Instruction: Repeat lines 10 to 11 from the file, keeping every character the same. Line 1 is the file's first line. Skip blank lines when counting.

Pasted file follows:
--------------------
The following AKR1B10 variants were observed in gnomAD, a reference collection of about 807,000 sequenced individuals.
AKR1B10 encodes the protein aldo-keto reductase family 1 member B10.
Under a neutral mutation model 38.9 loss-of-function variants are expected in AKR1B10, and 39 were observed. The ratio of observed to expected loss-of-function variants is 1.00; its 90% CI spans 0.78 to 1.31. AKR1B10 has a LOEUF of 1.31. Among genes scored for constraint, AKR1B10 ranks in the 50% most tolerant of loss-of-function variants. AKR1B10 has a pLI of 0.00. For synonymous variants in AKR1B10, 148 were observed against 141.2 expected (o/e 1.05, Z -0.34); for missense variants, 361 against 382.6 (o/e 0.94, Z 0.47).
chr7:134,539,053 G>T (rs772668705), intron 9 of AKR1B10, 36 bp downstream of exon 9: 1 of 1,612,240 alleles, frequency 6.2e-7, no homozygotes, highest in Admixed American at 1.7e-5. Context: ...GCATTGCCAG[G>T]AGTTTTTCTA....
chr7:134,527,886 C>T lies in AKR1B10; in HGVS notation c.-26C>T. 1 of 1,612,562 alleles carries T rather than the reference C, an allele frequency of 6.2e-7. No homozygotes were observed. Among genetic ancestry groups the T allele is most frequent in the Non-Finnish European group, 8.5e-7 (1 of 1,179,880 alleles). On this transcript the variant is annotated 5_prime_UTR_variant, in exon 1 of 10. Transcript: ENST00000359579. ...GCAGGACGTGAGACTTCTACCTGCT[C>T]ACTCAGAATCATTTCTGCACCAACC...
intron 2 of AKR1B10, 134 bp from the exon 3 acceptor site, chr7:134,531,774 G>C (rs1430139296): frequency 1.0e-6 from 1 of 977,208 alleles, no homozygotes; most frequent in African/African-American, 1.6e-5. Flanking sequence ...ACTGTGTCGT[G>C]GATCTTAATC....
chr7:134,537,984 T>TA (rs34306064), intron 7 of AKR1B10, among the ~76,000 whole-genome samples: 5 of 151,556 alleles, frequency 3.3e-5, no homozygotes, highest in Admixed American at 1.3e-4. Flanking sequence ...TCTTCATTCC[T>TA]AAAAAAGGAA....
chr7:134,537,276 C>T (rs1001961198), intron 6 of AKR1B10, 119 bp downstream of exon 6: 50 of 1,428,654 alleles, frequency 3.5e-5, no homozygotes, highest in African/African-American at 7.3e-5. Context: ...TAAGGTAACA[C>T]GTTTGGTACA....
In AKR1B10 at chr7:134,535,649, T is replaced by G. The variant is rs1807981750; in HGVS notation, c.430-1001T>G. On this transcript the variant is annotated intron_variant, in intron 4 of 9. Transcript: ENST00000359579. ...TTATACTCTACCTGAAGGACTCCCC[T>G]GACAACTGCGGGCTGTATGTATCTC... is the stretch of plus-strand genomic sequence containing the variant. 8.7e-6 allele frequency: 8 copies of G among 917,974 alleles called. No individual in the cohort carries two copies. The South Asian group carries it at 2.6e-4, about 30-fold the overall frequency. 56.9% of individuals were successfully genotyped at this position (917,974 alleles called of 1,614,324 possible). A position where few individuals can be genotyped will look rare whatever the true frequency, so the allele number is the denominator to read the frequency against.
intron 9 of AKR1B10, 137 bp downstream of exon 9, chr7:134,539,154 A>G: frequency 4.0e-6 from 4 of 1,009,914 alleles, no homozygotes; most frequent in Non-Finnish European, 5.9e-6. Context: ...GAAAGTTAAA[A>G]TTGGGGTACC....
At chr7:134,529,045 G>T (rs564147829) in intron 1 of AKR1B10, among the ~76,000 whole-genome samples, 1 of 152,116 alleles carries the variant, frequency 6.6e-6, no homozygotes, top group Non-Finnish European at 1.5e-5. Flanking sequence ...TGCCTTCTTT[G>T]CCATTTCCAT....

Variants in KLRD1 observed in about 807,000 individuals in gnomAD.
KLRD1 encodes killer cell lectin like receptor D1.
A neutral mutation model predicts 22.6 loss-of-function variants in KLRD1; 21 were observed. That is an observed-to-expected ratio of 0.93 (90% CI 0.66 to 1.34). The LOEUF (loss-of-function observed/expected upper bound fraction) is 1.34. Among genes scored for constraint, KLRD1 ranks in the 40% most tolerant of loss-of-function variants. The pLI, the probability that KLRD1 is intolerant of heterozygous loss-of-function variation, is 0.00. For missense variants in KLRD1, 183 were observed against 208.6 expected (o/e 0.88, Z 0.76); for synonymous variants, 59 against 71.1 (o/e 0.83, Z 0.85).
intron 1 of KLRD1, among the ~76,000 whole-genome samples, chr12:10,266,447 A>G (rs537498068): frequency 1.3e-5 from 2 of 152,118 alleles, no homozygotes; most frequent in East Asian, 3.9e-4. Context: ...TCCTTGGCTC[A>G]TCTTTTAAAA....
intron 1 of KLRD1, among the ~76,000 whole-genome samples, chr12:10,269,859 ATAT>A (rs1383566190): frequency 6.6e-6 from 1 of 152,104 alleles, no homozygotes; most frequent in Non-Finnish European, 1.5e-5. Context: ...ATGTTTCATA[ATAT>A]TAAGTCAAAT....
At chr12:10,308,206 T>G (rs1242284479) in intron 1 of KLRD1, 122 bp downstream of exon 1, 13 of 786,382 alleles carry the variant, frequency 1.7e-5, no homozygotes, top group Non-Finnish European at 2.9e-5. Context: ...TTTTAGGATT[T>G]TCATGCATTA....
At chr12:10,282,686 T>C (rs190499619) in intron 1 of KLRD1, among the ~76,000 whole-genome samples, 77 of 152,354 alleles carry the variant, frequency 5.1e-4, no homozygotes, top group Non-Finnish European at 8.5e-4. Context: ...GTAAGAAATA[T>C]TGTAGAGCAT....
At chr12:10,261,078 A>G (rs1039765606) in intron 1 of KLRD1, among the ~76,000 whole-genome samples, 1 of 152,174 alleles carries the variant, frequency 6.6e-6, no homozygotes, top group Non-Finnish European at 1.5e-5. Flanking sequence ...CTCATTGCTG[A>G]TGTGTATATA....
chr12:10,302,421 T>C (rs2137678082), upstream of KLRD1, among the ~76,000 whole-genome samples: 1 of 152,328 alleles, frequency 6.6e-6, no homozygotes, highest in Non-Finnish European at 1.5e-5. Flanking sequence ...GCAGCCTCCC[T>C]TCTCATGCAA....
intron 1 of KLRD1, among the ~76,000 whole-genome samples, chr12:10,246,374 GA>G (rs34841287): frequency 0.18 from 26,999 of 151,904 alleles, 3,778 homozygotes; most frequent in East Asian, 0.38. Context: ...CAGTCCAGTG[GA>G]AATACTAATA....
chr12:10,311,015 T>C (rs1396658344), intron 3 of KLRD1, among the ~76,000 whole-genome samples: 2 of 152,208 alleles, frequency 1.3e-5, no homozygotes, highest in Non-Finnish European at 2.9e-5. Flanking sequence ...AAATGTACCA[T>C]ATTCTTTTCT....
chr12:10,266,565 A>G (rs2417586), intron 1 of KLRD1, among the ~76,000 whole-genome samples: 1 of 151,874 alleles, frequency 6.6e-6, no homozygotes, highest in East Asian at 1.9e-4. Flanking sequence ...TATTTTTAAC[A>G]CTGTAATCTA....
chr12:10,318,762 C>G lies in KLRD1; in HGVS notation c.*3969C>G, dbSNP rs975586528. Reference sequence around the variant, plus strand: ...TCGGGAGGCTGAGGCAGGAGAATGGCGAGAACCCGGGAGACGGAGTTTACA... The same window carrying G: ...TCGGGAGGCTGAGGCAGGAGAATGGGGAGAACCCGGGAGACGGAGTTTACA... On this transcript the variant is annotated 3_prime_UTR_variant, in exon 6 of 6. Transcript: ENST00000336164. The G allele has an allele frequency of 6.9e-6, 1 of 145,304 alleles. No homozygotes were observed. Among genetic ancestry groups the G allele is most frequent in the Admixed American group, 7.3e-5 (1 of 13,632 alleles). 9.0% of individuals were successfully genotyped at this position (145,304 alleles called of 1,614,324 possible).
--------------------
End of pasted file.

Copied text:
intron 9 of AKR1B10, 137 bp downstream of exon 9, chr7:134,539,154 A>G: frequency 4.0e-6 from 4 of 1,009,914 alleles, no homozygotes; most frequent in Non-Finnish European, 5.9e-6. Context: ...GAAAGTTAAA[A>G]TTGGGGTACC....
At chr7:134,529,045 G>T (rs564147829) in intron 1 of AKR1B10, among the ~76,000 whole-genome samples, 1 of 152,116 alleles carries the variant, frequency 6.6e-6, no homozygotes, top group Non-Finnish European at 1.5e-5. Flanking sequence ...TGCCTTCTTT[G>T]CCATTTCCAT....